High definition ion-mobility mass spectrometry and imaging for metabolomics, lipidomics and glycomics

Lead Research Organisation: University of York
Department Name: Biology

Abstract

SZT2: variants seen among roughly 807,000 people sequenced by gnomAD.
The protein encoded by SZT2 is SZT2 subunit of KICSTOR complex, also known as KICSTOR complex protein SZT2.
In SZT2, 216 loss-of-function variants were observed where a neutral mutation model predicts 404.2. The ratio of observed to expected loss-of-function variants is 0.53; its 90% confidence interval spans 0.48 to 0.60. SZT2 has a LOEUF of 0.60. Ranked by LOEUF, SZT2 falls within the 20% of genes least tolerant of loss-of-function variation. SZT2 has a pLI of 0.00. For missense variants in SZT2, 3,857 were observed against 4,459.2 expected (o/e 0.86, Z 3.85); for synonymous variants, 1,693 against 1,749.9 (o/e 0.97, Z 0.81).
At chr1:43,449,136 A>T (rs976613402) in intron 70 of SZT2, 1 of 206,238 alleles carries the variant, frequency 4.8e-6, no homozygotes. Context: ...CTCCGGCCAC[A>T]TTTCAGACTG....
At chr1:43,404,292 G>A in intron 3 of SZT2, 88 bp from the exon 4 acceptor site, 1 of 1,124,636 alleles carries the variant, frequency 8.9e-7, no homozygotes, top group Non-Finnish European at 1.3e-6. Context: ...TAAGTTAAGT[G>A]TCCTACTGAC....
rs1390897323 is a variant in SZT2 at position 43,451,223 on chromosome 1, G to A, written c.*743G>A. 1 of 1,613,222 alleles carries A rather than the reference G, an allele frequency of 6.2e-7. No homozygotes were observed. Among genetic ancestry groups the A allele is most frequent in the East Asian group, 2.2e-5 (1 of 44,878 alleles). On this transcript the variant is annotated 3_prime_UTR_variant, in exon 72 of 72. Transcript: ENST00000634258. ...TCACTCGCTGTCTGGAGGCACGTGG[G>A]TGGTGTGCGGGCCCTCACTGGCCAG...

We propose to purchase a high-end mass spectrometer system that is capable of identifying thousands of unique small molecules at a time. This is achieved by the combination of accurate mass measurements, which enables the calculation of molecular formulae, and the ability of the mass spectrometer to separate molecules on the basis of their mass and shape. This last ability - separation on the basis of shape - is achieved using a technique known as ion mobility, which is not standard on most commercially available mass spectrometers. Ion mobility techniques allow molecules that have identical masses and formulae to be separated. This ability is crucial for the correct identification and measurement of several classes of biologically important molecules, including small molecules, lipids, and carbohydrates. We propose two main front-end interfaces that will make full use of the mass spectrometer's capabilities. The first is an imaging interface, where plant or animal tissue slices can be automatically sampled in a two-dimensional plane to build up a picture of where molecules are localised in the sample. As one input to this imaging pipeline, we will also use the output from our newly acquired, separately funded quantitative phase imaging microscope, which enables cell types and behaviours in tissue slices to be visualised and measured without prior staining or fixing. This pipeline - from visible features to mass spectrometry imaging on the same sample - will enable us to relate visible changes observed within tissues to the underlying biochemical processes. Applications range from tracking drug movements between cell types in medical treatments, to locating the sites of plant cell wall degradation in studies where the focus is on optimizing biofuel generation from waste biomass. The second interface uses separation by high-performance liquid chromatography of biological extracts before the mass spectrometer. This will enable us to characterize very complex mixtures, for example from understanding how the lipid make-up of cell membranes in industrially important microbes contributes to robust fermentation, to measuring fine changes in branched carbohydrate structures that are important signalling and recognition molecules in human disease. A common thread in all the different applications will be the complexity and multi-dimensionality of the data produced. All data will require careful filtering and annotation to provide biologically meaningful conclusions; this is not trivial and more often than not requires significant expert manual input and is a productivity bottleneck. To address this often overlooked area, together with the instrument manufacturers, we are committing resources to develop software tools for efficient data analysis.